We’re supposed to be seizing an unrivalled opportunity to deal with climate change, an issue that should unite us all regardless of nationality or political persuasion. The last thing anyone should be doing is switching off.
Apart from Ms Thunberg – and I’ve lost patience with her now she’s started using unnecessary bad language and losing the dignity with which she addressed the United Nations in the past – what has made the biggest impression so far? US President Joe Biden appearing to nod off?
We live in a soundbite culture led by visual engagement. Apart from our 95-year-old Queen, who addressed the conference by pre-recorded video link from Windsor Castle, and made more impact than the rest of the world leaders put together, there’s been precious little appreciation of this in the public eye.
Dressed in chartreuse green, her butterfly brooch echoing the shoal of butterflies in an accompanying video film clip of her late husband, Her Majesty spoke clearly and eloquently of her family’s record in raising awareness of climate change.
There is only so long that rolling television news can keep the reports fresh and engaging, only so many soundbites and headlines to be garnered from a speech and sadly, only so many times that people can watch footage of rainforests being destroyed and polar ice caps melting before switching off, literally and metaphorically.
I’ve chaired a few conferences in my time and it’s no easy task, keeping everyone engaged. I don’t envy the job of Alok Sharma, president of COP26, who should be steering proceedings to keep the interest of the widest possible of audiences. The size and scale of global warming and climate change is the problem, however. The difficulty is hooking into the interests of ordinary people and keeping them hooked.
He won’t like this advice one bit, but he could do a lot worse than look to Andy Burnham, the Mayor of Greater Manchester, for inspiration. Speaking from outside the Glasgow conference halls, he told Sky News that climate change should be linked to social change. And he’s absolutely right.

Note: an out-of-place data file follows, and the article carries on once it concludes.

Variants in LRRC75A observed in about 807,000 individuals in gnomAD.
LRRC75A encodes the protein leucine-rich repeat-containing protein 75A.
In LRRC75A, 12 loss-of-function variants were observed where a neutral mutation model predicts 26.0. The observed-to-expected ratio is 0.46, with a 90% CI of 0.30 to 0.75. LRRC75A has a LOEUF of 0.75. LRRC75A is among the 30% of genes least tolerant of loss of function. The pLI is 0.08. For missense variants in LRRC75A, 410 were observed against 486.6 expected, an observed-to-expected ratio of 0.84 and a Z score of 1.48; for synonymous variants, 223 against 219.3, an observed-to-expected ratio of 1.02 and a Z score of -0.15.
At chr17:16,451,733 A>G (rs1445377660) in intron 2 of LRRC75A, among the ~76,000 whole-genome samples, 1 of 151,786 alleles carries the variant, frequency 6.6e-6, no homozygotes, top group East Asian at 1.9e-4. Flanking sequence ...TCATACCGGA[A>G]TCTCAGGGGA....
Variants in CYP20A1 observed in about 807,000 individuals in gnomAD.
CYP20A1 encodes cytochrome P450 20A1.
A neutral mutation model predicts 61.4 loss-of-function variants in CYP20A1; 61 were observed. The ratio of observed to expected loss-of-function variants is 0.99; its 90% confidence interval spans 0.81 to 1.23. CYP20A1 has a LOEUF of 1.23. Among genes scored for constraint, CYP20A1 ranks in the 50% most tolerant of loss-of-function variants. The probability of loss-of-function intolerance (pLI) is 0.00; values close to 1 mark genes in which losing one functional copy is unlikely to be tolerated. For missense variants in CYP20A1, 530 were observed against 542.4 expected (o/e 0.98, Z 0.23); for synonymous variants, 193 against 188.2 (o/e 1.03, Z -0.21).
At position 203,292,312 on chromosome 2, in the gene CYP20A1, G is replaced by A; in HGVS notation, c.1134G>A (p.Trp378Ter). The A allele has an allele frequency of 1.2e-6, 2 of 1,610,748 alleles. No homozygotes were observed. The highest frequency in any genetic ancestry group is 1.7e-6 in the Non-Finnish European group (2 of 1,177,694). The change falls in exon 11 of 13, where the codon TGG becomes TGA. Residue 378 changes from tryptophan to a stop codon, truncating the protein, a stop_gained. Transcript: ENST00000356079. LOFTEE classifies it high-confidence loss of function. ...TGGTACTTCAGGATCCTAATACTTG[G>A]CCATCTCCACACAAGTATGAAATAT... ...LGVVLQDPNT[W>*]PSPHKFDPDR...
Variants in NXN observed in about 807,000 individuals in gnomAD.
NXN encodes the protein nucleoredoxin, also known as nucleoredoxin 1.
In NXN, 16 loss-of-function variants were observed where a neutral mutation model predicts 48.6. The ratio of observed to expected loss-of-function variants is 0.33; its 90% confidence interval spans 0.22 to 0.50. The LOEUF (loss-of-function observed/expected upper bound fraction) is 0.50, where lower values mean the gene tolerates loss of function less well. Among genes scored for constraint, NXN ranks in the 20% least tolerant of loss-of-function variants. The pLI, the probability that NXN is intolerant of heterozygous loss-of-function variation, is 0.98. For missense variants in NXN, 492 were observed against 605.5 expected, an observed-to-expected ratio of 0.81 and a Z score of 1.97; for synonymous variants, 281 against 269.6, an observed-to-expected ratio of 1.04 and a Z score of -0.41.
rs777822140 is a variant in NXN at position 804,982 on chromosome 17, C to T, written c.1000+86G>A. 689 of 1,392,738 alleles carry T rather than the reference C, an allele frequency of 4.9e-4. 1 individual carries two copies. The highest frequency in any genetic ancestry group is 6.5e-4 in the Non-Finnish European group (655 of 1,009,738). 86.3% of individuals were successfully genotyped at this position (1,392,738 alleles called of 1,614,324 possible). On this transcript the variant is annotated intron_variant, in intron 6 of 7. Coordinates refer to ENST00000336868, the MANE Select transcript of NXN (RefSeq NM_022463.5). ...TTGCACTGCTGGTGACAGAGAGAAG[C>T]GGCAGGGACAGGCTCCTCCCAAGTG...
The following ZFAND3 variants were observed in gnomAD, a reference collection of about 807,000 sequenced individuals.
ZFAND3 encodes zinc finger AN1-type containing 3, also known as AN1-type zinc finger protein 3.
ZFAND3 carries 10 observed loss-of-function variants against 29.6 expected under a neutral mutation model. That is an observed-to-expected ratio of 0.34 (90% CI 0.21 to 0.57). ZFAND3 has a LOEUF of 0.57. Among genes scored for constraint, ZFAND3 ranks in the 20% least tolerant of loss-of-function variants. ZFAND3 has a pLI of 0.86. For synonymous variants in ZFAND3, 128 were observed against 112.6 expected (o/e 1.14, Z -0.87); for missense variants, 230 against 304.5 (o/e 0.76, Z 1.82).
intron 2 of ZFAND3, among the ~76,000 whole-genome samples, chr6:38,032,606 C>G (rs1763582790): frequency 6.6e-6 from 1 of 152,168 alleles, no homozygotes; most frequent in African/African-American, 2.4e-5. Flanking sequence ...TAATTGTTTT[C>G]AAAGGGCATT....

As world leaders and their cavalcades flew in by private jet and helicopter and blocked roads with their motorcades, ordinary travellers hoping to reach Glasgow by rail were stymied by weather delays, trees on the line and over-crowded carriages.
A more poignant illustration of the disconnect between what’s happening on the stage and the daily experience of ordinary people couldn’t have been found.
And this, I’m afraid, is why Mr Sharma will find it very difficult to keep everyone on board. Until we truly understand the consequences of climate change – and the potential that solutions might actually offer to us as a country – it won’t even begin to make the required impact at all.
Mr Burnham made the very valid point that serious investment in public transport and infrastructure, upgrading homes to not only save energy but improve health, and creating a 21st century green jobs revolution are all key to such public engagement, certainly in the North.
Reminding viewers that the North led the first Industrial Revolution in the 19th century, Mr Burnham said: “I think this is the opportunity that’s staring us now right in the face, the drive to net-zero could re-industrialise the North of England but this time in a good way, where it’s clean and we give people clean air to breathe.”
He called on the Government to “back” the North on projects to create jobs from new climate technologies before the “window to do something” closes rapidly.
His critics will say that this was nothing more than political opportunism, but I would strongly disagree. We need more public figures to bring the connections between the health of the planet and the health – physical, mental, social, economic – of its inhabitants together.
There are countless debates and exhibitions running alongside the main events in Glasgow. Let’s hear more from these as coverage unfolds. Let’s ask Mr Sharma to intervene and steer away from the predictable polarised track – activists versus politicians.
Of course, we should not overlook the major achievements of COP26 so far. This includes an agreement to end deforestation by 2030 and a global deal to cut methane emissions by 30 per cent.
And, we do have a while to go – the event ends on November 12. However, as we know only too well with climate change itself, if we don’t shout up early enough, the damage will already be done and this global event, with all that potential to make a difference to all our futures, will fizzle out like a firework.
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